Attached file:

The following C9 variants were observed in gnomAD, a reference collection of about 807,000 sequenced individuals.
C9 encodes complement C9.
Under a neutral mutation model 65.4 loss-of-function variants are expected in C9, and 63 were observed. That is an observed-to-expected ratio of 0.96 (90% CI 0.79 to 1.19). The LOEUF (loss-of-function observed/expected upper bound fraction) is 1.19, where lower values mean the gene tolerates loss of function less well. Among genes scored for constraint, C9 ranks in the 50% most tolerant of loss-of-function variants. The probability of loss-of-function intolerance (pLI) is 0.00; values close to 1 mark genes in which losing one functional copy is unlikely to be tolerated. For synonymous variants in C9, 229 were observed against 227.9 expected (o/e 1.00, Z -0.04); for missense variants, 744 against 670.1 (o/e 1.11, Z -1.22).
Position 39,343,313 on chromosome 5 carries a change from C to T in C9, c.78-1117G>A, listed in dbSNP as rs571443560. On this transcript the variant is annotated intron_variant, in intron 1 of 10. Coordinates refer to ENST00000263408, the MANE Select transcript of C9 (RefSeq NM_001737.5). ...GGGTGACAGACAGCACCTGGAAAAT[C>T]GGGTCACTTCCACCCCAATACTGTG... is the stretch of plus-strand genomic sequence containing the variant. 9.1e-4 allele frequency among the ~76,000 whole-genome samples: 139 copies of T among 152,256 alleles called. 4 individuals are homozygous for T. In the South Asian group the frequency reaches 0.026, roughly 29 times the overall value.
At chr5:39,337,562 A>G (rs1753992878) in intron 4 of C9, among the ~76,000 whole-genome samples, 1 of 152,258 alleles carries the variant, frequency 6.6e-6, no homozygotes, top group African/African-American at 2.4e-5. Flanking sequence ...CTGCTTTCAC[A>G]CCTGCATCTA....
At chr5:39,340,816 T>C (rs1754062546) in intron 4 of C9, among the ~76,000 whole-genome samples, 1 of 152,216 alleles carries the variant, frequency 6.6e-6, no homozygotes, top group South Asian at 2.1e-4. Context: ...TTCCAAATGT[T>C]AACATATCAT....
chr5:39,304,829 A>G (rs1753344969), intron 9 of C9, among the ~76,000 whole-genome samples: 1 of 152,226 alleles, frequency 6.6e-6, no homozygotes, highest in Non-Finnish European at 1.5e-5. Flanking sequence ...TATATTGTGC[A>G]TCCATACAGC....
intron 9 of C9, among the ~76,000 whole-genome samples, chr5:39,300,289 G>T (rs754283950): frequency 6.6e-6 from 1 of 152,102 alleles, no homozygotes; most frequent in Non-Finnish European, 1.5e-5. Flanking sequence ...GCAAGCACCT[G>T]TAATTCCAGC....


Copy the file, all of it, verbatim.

The following C9 variants were observed in gnomAD, a reference collection of about 807,000 sequenced individuals.
C9 encodes complement C9.
Under a neutral mutation model 65.4 loss-of-function variants are expected in C9, and 63 were observed. That is an observed-to-expected ratio of 0.96 (90% CI 0.79 to 1.19). The LOEUF (loss-of-function observed/expected upper bound fraction) is 1.19, where lower values mean the gene tolerates loss of function less well. Among genes scored for constraint, C9 ranks in the 50% most tolerant of loss-of-function variants. The probability of loss-of-function intolerance (pLI) is 0.00; values close to 1 mark genes in which losing one functional copy is unlikely to be tolerated. For synonymous variants in C9, 229 were observed against 227.9 expected (o/e 1.00, Z -0.04); for missense variants, 744 against 670.1 (o/e 1.11, Z -1.22).
Position 39,343,313 on chromosome 5 carries a change from C to T in C9, c.78-1117G>A, listed in dbSNP as rs571443560. On this transcript the variant is annotated intron_variant, in intron 1 of 10. Coordinates refer to ENST00000263408, the MANE Select transcript of C9 (RefSeq NM_001737.5). ...GGGTGACAGACAGCACCTGGAAAAT[C>T]GGGTCACTTCCACCCCAATACTGTG... is the stretch of plus-strand genomic sequence containing the variant. 9.1e-4 allele frequency among the ~76,000 whole-genome samples: 139 copies of T among 152,256 alleles called. 4 individuals are homozygous for T. In the South Asian group the frequency reaches 0.026, roughly 29 times the overall value.
At chr5:39,337,562 A>G (rs1753992878) in intron 4 of C9, among the ~76,000 whole-genome samples, 1 of 152,258 alleles carries the variant, frequency 6.6e-6, no homozygotes, top group African/African-American at 2.4e-5. Flanking sequence ...CTGCTTTCAC[A>G]CCTGCATCTA....
At chr5:39,340,816 T>C (rs1754062546) in intron 4 of C9, among the ~76,000 whole-genome samples, 1 of 152,216 alleles carries the variant, frequency 6.6e-6, no homozygotes, top group South Asian at 2.1e-4. Context: ...TTCCAAATGT[T>C]AACATATCAT....
chr5:39,304,829 A>G (rs1753344969), intron 9 of C9, among the ~76,000 whole-genome samples: 1 of 152,226 alleles, frequency 6.6e-6, no homozygotes, highest in Non-Finnish European at 1.5e-5. Flanking sequence ...TATATTGTGC[A>G]TCCATACAGC....
intron 9 of C9, among the ~76,000 whole-genome samples, chr5:39,300,289 G>T (rs754283950): frequency 6.6e-6 from 1 of 152,102 alleles, no homozygotes; most frequent in Non-Finnish European, 1.5e-5. Flanking sequence ...GCAAGCACCT[G>T]TAATTCCAGC....